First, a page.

AI tools that utilize external data exclusively (e.g., weather forecast data) may have a low risk profile while other tools that have access to sensitive internal data or intellectual property may be deemed too risky to use. A major risk concern is that private data can become part of a public AI database. Assurances from vendors that the data will be aggregated or anonymized may not be adequate protection. 

So, before a firm can begin selecting its next application software, it has to decide what its AI risk profile is and how it will judge potential solutions. In this article, I took a deep look at the readiness of HR executives to acquire new AI-powered HR software. The picture it painted wasn’t a good one.

The risk profile of your firm requires you to decide what kinds of guardrails, co-pilots, safeties, etc. should be part of your AI enabled new software. 

The better application software vendors are already working with standards bodies and governments (globally) to ensure their AI efforts will not run afoul of rapidly emerging new laws and regulations. These better vendors are focused on a few AI priorities: 

  • Designing ethical, safe, protected, legal, defensible solutions
  • Providing audit trails, traceability, etc. in how AI recommendations or content were generated
  • Developing a feedback mechanism to help users or human co-pilots to report aberrant, illogical, offensive, incorrect, illegal, etc. results and get these resolved
  • Using systems thinking to imagine how some users will abuse or misuse these tools. These malevolent actions could alter future users’ results, denigrate the effectiveness of the software, cause reputational harm to the software buyer firm or other damages.
  • Carefully introduce AI-assisted capabilities into their products
  • Clear guidance as to who exactly owns the training data as well as the outputs from AI and algorithmic tools
  • Identifying how long data will be used and retained by AI tools (e.g., When will AI tools trained on your employee data purge records of former or deceased employees?)
  • Documenting when some datasets will be replaced and how this will be accomplished

Smart software buyers might look at how vendors are:

  • Drawing a bright line as to what AI capabilities will use private data vs. public data
  • Prioritizing AI development efforts in areas like:
    • Chat
    • Assisted decision making
    • Assisted form or field completion
    • Workflow automation
    • Forecasting (or forecasting more accurately)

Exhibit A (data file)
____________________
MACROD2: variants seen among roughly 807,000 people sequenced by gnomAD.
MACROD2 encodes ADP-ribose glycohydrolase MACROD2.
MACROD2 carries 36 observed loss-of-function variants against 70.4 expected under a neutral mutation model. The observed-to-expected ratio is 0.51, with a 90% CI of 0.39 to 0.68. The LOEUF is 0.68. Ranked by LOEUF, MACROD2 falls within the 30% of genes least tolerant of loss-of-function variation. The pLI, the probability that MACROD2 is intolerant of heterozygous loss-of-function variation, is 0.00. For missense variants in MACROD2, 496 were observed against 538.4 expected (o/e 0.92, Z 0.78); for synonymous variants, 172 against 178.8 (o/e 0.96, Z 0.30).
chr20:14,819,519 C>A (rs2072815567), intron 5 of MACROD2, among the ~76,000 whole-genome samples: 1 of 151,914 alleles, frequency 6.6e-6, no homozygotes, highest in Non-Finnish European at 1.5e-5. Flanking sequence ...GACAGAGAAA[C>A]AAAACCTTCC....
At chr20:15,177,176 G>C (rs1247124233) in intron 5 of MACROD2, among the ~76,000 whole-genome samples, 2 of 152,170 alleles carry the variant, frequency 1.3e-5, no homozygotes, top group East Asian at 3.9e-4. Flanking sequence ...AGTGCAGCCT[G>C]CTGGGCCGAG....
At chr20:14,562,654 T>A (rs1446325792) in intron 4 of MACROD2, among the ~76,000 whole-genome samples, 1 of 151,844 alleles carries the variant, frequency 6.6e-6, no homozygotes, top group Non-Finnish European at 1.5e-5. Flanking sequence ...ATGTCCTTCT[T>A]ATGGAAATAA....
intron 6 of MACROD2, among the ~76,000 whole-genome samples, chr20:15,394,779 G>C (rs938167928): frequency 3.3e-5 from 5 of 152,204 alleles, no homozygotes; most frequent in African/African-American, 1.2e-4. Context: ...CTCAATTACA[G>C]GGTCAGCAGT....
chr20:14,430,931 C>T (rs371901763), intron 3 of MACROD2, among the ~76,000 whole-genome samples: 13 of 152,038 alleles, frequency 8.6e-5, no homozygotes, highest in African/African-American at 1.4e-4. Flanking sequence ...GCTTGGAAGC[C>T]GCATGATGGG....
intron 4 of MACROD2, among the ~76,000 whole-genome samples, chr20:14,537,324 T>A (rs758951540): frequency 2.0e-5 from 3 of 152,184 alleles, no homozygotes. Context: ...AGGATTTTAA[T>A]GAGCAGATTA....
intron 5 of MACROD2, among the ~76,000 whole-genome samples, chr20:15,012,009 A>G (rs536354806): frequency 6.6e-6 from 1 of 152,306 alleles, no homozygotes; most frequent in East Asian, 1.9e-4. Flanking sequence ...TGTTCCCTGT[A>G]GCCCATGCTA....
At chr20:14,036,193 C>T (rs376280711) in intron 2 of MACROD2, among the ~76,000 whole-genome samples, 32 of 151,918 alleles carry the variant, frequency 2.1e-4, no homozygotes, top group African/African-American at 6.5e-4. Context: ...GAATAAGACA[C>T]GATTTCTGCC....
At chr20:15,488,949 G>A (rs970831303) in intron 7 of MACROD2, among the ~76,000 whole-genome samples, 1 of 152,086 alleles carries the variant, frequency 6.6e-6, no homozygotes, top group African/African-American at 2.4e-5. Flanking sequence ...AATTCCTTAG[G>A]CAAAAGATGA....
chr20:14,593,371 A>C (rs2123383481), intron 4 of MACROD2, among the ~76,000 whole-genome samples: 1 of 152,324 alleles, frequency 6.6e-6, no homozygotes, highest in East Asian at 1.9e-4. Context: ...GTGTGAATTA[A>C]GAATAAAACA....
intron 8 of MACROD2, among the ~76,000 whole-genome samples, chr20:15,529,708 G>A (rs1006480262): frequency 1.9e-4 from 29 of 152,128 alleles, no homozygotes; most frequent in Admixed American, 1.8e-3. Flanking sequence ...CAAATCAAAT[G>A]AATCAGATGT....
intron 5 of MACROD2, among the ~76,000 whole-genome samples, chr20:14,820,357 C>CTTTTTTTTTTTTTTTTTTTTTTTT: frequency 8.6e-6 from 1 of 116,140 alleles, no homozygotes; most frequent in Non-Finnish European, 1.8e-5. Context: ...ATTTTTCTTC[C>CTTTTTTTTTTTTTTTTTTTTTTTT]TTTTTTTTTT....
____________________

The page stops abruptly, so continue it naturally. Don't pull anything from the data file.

• Production optimization 
    • Repetitive task automation
    • Etc. 
  • Deploying different AI capabilities carefully, thoughtfully and productively throughout their product line
  • Using AI to reshape not just how users enter transactions but also how AI can radically transform how work is completed and what work should actually be. How is the user experience being impacted by AI?
  • Anticipating and bulletproofing their AI processes, data and workflows from miscreants
  • Rolling out AI capabilities. Are they moving too slow/cautiously or too fast/reckless?
  • Carefully rolling out AI capabilities to smaller and/or less technically sophisticated users

In the last few months, some differentiators appear to be forming. The best vendors:

  • Include AI capabilities (all of them) within their platform
  • Have a data lake to complement the customer’s transaction data. This data lake can be a form factor greater in size and incorporate all kinds of other data (e.g., third party databases, sensor data, images, etc.). The data lake becomes the feed stock for AI insights, content, etc.
  • Start off sensibly
  • Ensure each AI utility delivers productivity improvements, insights, AI assisted decisions, content or other value


  • Provide AI capabilities as part of the standard SaaS pricing. These capabilities are NOT priced a la carte or are separate SKUs in the vendor’s sales system.

The (incomplete) vision

Watch a vendor demo (or drop into an analyst briefing) and it’s likely that 90% of the presentation/conversation concerns the first two topics (AI and Platforms). What is missing from these exchanges is considerable. 

When vendors describe how AI will change work or the employee experience, you’ll likely see a wee bit on workflow technology and a mobile/cellphone demonstration. What you won’t see is telling though including how non-employees will use the technology. More specifically, the processes never consider all of the other technology and data that suppliers, customers, jobseekers, regulators, hackers, trolls, miscreants and others might use.

The lack of systems thinking is appalling today. No one is discussing how outsiders will impact processes. For example, there are jobseekers using AI to write resumes, cover letters and thank you notes for them; develop great answers to common interview questions; apply to 5,000 job openings in one week; and more. These persons are not only gaming the system to their favor but making life difficult for other job seekers and for recruiters. This is a big problem as today’s vendors are thinking too incrementally. Their thinking is constrained and the resulting technology solutions they are suggesting you buy will likely be short-lived and problematic.  In evaluating new solutions, seek to understand how others might use and abuse the same technology.